By Susan Ballenberger Hibler, Gamma Rho—Arizona State
The Ronald McDonald House of Memphis opened in 1991 and has housed more than 10,000 children in its almost thirty years of operation. The house is a little different among Ronald McDonald House Charities (RMHC) locations. Most of us know RMHC as providing a home-away-from-home for families, so that they can stay nearby while their children are hospitalized. RMHC of Memphis not only provides this service for families, but also for the children with pediatric cancer and other catastrophic illnesses undergoing treatment at St. Jude Children’s Research Hospital.
RMHC of Memphis provides a family-centered community that serves as a residential facility for both patients and their families, so when their child is done at the hospital – with appointments, chemo, physical therapy, etc. – the whole family can stay together and have a nurturing home-away-from-home. The average length of stay is 55 days.
Our Alpha Delta Pi sisters were instrumental in establishing the RMHC of Memphis. Susan Ballenberger Hibler, Gamma Rho—Arizona State, was part of that effort. She shares her story here.
An Early Dedication to RMHC
When my husband and I moved to the Bay area from Scottsdale in 1980, we knew no one. I contacted the Alpha Delta Pi alumnae association there to connect with people. I volunteered to help organize the group to help out at the Ronald McDonald House at Stanford. They were in need of relief managers for the weekend, so we scheduled alumnae to stay at the house two weekends each month. My kids and I stayed at the house about four of these weekends before we moved to Memphis.
When we got to Memphis, where St. Jude Children’s Research Hospital is, I immediately asked why there wasn’t a Ronald McDonald House nearby. Ronald McDonald Houses were still a relatively new idea, and few people knew what RMH was, or did. They put me in contact with local McDonald’s owners/operators, who were thrilled to help us! We started working towards the goal of establishing a Ronald McDonald House for St. Jude.
Fundraising: The First Golf Tournament
My husband and most of his friends were avid golfers, and I was able to rally them to help start a golf tournament to begin raising funds for the eventual house. Donna Winfield Skaarer, Gamma Eta—Memphis, was instrumental in our efforts (and her husband was a golfer too).
The local McDonalds franchise owners and their suppliers were on board. We had great local support. We were able to get McDonald’s, The Coca-Cola Company, the Scott Paper Company, and Budget Rent a Car to help sponsor the golf tournament. The first tournament was in 1987 at TPC Southwind, where the PGA invitational to benefit St. Jude is now held.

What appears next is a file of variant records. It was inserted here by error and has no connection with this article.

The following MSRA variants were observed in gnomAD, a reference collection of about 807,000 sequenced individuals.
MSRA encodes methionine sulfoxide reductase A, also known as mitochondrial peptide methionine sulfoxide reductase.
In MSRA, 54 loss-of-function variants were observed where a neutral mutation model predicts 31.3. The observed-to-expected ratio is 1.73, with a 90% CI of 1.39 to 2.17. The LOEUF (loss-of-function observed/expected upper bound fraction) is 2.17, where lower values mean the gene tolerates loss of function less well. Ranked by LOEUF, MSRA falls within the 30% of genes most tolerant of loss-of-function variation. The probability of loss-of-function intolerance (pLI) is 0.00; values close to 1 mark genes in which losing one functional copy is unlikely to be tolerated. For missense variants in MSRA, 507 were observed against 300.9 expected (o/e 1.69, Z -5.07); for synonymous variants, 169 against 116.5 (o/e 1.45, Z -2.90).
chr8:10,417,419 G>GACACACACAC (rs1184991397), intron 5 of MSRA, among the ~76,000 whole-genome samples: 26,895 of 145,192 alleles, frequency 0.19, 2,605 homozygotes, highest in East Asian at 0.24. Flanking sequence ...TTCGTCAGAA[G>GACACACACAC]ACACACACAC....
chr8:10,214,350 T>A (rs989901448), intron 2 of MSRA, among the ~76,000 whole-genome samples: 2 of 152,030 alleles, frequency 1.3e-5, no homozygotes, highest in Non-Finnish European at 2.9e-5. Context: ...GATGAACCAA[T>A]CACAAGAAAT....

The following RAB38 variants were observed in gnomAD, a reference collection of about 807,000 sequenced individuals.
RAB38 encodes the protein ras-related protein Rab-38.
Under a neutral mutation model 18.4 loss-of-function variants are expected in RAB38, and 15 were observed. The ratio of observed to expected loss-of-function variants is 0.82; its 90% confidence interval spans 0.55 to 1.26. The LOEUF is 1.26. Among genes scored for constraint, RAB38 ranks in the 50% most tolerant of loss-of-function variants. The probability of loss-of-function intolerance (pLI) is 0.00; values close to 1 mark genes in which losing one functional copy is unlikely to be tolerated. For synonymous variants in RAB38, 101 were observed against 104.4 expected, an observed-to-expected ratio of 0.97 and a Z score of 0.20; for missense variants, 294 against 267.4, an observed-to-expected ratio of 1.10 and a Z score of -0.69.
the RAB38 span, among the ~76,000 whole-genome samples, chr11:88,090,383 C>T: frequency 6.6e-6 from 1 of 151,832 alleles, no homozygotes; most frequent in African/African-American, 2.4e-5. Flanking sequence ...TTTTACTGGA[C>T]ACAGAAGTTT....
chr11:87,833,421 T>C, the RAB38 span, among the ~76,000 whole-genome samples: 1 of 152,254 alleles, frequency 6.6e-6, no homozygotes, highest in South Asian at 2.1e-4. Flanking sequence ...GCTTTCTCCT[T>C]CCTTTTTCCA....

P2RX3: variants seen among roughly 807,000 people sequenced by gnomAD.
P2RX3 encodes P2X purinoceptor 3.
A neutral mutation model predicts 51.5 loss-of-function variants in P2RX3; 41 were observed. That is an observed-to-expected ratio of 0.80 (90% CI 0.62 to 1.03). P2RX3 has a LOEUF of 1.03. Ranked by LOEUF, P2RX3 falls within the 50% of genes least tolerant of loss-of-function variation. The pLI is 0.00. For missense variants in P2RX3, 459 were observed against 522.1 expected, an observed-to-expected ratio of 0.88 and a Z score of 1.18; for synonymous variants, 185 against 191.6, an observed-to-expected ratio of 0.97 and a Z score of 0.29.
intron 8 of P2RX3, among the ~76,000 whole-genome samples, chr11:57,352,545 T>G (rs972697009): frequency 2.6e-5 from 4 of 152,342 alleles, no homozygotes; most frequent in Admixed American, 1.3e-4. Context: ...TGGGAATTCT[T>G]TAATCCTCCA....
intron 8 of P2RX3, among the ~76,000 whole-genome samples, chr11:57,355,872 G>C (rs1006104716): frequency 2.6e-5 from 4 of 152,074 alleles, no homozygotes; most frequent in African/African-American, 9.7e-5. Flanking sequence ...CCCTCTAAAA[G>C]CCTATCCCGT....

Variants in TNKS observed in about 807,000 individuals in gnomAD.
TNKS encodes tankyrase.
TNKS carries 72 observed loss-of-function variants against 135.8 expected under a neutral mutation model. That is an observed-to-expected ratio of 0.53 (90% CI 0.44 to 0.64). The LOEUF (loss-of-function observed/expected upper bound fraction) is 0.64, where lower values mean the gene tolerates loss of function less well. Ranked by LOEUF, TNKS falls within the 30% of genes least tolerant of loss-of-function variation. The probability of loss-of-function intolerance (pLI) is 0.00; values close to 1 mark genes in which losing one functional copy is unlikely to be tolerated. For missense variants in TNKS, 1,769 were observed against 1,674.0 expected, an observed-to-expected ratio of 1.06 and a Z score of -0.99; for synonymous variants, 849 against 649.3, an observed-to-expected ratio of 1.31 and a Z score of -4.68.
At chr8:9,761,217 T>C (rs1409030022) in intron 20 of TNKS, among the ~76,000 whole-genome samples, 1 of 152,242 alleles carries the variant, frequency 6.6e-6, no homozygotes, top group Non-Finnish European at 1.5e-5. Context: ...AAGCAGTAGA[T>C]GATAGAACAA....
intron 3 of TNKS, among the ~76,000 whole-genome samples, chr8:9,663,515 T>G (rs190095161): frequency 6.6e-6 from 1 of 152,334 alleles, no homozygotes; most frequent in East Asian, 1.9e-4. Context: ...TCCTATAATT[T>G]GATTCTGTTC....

Our alumnae hosted the tournament for RMHC of Memphis for 27 years. Alpha Delta Pi collegiate and alumnae members always assisted with the tournament. Lisa Key Pendergrast, Gamma Eta—Memphis; Kristin Williams Ammons, Gamma Eta—Memphis; and Beth Henze Stewart, Gamma Eta—Memphis, were all key to helping make the tournament successful.
Groundbreaking, At Last
In 1989, the Board purchased the current 2.7-acre site of Ronald McDonald House of Memphis using funds raised through the golf tournament. It was a massive project, and I went Sustainer in the Junior League of Memphis to help take it on.
One great memory I have was from the groundbreaking. Who could expect that I was out of town when the event was held? I was, however, at the RMHC Convention in Chicago as a representative. I was on the phone with Donna Winfield Skaarer when the first actual batch of dirt was being shoveled. I called Jim Murray (co-founder of the first RMHC in 1974) over to the phone as it was happening. He remembered this moment many years later when we were both back for the 25th anniversary of the RMHC of Memphis.
Getting Down to Business
At that point, it became my responsibility to establish the operational plans for the house. I set up the policies and procedures, the volunteer program, and hired the staff. The woman who became our House Manager was amazing. She and I chose the furniture, the supplies, and all the household needs. It was a true privilege to be the one to open the door for the first families to arrive to stay at the house! The families entered and were greeted by all the volunteers who were there.
Jill Horn, Gamma Eta—Memphis, was busy with her duties as Miss Tennessee, but she was there to sing at the first gathering. We were also honored that Emily Lusby Mackebee, Alpha Kappa—Tennessee, Knoxville, attended. She was serving as Service Chair for Alpha Delta Pi. We did quite a bit a training of volunteers prior to opening the house. Emily helped with that training on several occasions. ADPi collegians and alumnae were key. Because we started with minimal staff, the volunteers served in all capacities. We served meals, played with the children, answered the phones, and helped in all ways.
I’ve been fortunate to have experienced many incredible memories with ADPi. The building of the Ronald McDonald House in Memphis will remain as one of the greatest experiences of my life.
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